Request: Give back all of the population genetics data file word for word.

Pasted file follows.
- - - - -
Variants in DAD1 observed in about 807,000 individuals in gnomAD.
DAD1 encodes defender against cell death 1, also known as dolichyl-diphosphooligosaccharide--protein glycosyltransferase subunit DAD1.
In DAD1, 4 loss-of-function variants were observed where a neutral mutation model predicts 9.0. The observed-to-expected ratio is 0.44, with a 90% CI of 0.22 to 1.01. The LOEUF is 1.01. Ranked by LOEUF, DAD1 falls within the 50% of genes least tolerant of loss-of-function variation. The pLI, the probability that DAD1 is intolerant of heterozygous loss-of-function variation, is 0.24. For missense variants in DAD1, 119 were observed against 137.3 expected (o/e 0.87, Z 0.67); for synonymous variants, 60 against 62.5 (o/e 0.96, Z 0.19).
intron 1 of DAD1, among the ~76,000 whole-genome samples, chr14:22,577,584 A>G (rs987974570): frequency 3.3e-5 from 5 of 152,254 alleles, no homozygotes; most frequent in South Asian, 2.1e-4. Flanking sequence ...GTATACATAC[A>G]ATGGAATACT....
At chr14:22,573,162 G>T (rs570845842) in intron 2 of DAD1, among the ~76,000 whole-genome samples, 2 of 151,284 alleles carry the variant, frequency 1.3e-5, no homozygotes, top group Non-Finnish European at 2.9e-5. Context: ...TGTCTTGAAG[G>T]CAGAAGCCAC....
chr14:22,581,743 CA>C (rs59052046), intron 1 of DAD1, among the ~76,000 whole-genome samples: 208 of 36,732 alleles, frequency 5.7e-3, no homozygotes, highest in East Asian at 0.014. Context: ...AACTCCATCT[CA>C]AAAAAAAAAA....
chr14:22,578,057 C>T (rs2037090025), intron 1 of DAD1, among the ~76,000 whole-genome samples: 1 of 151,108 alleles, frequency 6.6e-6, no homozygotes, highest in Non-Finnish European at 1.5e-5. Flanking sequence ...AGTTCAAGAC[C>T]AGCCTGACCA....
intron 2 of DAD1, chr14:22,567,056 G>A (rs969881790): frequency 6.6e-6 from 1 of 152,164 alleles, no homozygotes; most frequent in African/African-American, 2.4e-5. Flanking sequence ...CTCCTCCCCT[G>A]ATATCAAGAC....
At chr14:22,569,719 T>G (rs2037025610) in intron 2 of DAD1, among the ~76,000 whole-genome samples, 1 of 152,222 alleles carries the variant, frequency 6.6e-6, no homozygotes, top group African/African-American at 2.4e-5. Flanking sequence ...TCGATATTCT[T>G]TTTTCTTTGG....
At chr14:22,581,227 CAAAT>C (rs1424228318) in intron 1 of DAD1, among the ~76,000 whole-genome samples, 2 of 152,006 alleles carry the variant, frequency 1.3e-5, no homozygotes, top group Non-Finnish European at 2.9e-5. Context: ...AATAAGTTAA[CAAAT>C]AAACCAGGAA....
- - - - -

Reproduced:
Variants in DAD1 observed in about 807,000 individuals in gnomAD.
DAD1 encodes defender against cell death 1, also known as dolichyl-diphosphooligosaccharide--protein glycosyltransferase subunit DAD1.
In DAD1, 4 loss-of-function variants were observed where a neutral mutation model predicts 9.0. The observed-to-expected ratio is 0.44, with a 90% CI of 0.22 to 1.01. The LOEUF is 1.01. Ranked by LOEUF, DAD1 falls within the 50% of genes least tolerant of loss-of-function variation. The pLI, the probability that DAD1 is intolerant of heterozygous loss-of-function variation, is 0.24. For missense variants in DAD1, 119 were observed against 137.3 expected (o/e 0.87, Z 0.67); for synonymous variants, 60 against 62.5 (o/e 0.96, Z 0.19).
intron 1 of DAD1, among the ~76,000 whole-genome samples, chr14:22,577,584 A>G (rs987974570): frequency 3.3e-5 from 5 of 152,254 alleles, no homozygotes; most frequent in South Asian, 2.1e-4. Flanking sequence ...GTATACATAC[A>G]ATGGAATACT....
At chr14:22,573,162 G>T (rs570845842) in intron 2 of DAD1, among the ~76,000 whole-genome samples, 2 of 151,284 alleles carry the variant, frequency 1.3e-5, no homozygotes, top group Non-Finnish European at 2.9e-5. Context: ...TGTCTTGAAG[G>T]CAGAAGCCAC....
chr14:22,581,743 CA>C (rs59052046), intron 1 of DAD1, among the ~76,000 whole-genome samples: 208 of 36,732 alleles, frequency 5.7e-3, no homozygotes, highest in East Asian at 0.014. Context: ...AACTCCATCT[CA>C]AAAAAAAAAA....
chr14:22,578,057 C>T (rs2037090025), intron 1 of DAD1, among the ~76,000 whole-genome samples: 1 of 151,108 alleles, frequency 6.6e-6, no homozygotes, highest in Non-Finnish European at 1.5e-5. Flanking sequence ...AGTTCAAGAC[C>T]AGCCTGACCA....
intron 2 of DAD1, chr14:22,567,056 G>A (rs969881790): frequency 6.6e-6 from 1 of 152,164 alleles, no homozygotes; most frequent in African/African-American, 2.4e-5. Flanking sequence ...CTCCTCCCCT[G>A]ATATCAAGAC....
At chr14:22,569,719 T>G (rs2037025610) in intron 2 of DAD1, among the ~76,000 whole-genome samples, 1 of 152,222 alleles carries the variant, frequency 6.6e-6, no homozygotes, top group African/African-American at 2.4e-5. Flanking sequence ...TCGATATTCT[T>G]TTTTCTTTGG....
At chr14:22,581,227 CAAAT>C (rs1424228318) in intron 1 of DAD1, among the ~76,000 whole-genome samples, 2 of 152,006 alleles carry the variant, frequency 1.3e-5, no homozygotes, top group Non-Finnish European at 2.9e-5. Context: ...AATAAGTTAA[CAAAT>C]AAACCAGGAA....